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Life With A Narcissist


During the recent presidential election cycle, people threw around the term narcissist or narcissistic personality disorder a lot when talking about Donald Trump. Many articles were written and tweets tweeted about the subject. As a therapist, I know that I can not diagnose someone I have never examined, but the discussions did call to mind my clients who have partners that exhibit traits of narcissism or even full-blown narcissistic personality disorder (NPD).

What is Narcissistic Personality Disorder (NPD)?

NPD is a mental health diagnosis that is characterized by an unhealthy sense of self-importance, a need for admiration, and a lack of empathy for others. Many people have traits of narcissism, but very few, about 6.2% of the population, would meet diagnostic criteria for NPD. You can learn more about it from this nifty animated video:



How does narcissism affect you in a relationship?


I can recall one client, Cindy,  who came to me feeling depressed and anxious about her marriage and down on herself. Years of living with a man who was critical, arrogant, and needy left her feeling like there was something wrong with her. She had a successful high-powered job, but at home she became a shell of a person.  

Cindy's partner tended to become angry and aggressive when he did not get what he wanted in the relationship. By lashing out, he had caused an emotional rift between them which led her to feel physically disconnected from him. She became uninterested in having sex with her husband. She had no desire to be naked and vulnerable with someone who worked to tear her down. Her partner became resentful about the lack of physical intimacy, as many partners would. In a healthy relationship, her partner at that point may have looked inward and asked what was he was doing that might have caused a rift or asked what could be done to fix it. But as a narcissist, he just blamed his wife. When his wife started menstruating, he became angry, screaming at her and telling her she got her period on purpose just to avoid having sex with him. To a narcissist, they are the center of the universe and what you do is either a benefit or a slight to them. He could not have any empathy with his partner and what she was feeling.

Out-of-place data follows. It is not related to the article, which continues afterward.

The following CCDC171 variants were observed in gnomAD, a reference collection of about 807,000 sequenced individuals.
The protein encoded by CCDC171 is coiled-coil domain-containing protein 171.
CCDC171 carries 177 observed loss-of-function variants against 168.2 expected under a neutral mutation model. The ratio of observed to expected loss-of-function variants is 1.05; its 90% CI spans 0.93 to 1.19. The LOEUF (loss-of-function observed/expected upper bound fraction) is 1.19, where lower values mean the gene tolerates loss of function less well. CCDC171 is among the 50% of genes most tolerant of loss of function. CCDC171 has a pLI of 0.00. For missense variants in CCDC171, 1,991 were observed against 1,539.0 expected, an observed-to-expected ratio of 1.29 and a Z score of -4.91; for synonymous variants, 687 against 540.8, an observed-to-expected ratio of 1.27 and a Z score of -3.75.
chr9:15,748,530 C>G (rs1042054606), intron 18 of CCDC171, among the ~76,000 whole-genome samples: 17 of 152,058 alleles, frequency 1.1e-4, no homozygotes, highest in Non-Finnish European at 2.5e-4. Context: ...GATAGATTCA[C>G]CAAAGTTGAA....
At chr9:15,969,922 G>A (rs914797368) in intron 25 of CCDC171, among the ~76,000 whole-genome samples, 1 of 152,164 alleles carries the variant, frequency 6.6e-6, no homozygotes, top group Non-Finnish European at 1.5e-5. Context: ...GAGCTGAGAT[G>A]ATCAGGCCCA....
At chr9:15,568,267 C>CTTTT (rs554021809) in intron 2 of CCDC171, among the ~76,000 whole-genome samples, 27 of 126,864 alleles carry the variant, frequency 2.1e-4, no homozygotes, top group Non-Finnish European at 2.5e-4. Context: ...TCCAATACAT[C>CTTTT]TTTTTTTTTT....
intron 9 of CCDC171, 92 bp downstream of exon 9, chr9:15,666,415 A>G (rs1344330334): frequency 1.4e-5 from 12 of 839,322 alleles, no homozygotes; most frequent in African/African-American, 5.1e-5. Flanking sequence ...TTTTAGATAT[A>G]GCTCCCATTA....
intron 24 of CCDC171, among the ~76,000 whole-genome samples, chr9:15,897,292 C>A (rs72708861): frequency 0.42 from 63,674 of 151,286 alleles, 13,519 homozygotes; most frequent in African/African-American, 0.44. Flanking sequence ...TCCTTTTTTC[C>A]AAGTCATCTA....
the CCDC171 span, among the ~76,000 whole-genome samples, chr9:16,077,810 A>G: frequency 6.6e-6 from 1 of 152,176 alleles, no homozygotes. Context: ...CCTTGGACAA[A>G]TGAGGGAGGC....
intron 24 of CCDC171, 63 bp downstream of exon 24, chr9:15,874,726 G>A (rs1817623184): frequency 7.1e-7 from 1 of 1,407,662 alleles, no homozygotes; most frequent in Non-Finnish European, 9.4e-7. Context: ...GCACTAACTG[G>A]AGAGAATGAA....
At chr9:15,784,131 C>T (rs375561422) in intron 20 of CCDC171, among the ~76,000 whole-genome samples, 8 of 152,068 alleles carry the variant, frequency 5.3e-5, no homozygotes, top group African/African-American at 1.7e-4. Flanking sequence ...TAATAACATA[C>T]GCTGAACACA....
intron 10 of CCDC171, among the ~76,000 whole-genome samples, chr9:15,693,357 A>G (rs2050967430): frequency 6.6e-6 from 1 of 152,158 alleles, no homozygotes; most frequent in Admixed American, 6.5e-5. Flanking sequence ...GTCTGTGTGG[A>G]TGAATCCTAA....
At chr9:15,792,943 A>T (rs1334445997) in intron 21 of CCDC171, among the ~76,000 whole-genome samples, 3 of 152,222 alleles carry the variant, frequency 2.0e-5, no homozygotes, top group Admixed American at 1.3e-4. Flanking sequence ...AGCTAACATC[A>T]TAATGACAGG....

"You have to do something about this abusive behavior or your brain and body are going to take you out of it - you are going to lose it."


There was a time when Cindy was so worn out she barely had the energy to describe her feelings. She told me "there is so much noise in my head, I don’t know why everybody can’t hear it. I wish people would just read my mind."A friend who was worried about her told her "You have to do something about this abusive behavior or your brain and body are going to take you out of it - you are going to lose it. " 

How therapy can help:

That is when Cindy decided to start therapy. Therapy has made a huge difference in helping her know how to deal with her partner's narcissism. We worked to rebuild Cindy's sense of self. She learned how to have an assertive voice and how to set boundaries so that she was not wounded over and over. The boundaries protected her and taught her to respect herself. 

It was also really helpful for Cindy to discover that her partner has the traits of someone with NPD. Putting a name to it allowed her to read about the disorder, to understand her partner. It also helped her to know how to handle him when he was combative, arrogant, or when he just lacked basic empathy for her pain.  

Get out of the fog 

One of the resources that Cindy found helpful is a website called Out Of the Fog. It is a website to help family members and loved ones of people who suffer from personality disorders. Personality disorders are mental disorders in which people have unhealthy ways of thinking, functioning, and acting. A person with a personality disorder usually has problems understanding and relating to situations and people. The Out Of The Fog website is a great place to start to learn to-do's for dealing with someone who has a personality disorder, to find book recommendations, or to ask questions on the group forum. 

There is hope if you are in a relationship with someone who has a full-blown personality disorder or just exhibits traits of narcissism. I don't recommend, however, that you find your way on your own. Talk to a therapist, post/read the Out Of The Fog forum, speak to a trusted friend. Being in one of these types of relationships is very draining. You are not crazy, silly, or weak. You are just tired, and that is normal. Therapy can be one way to learn the skills you need to cope. 

I also made a post where I talk about ways to handle a narcissist. 

If you are struggling with the pain in your life, we have Houston, Texas Counselors who can meet with you. You can contact us at 713 -591- 3612 or by email at Nancy@wilsoncounseling.org.

*this blog is not intended to substitute for professional counseling 

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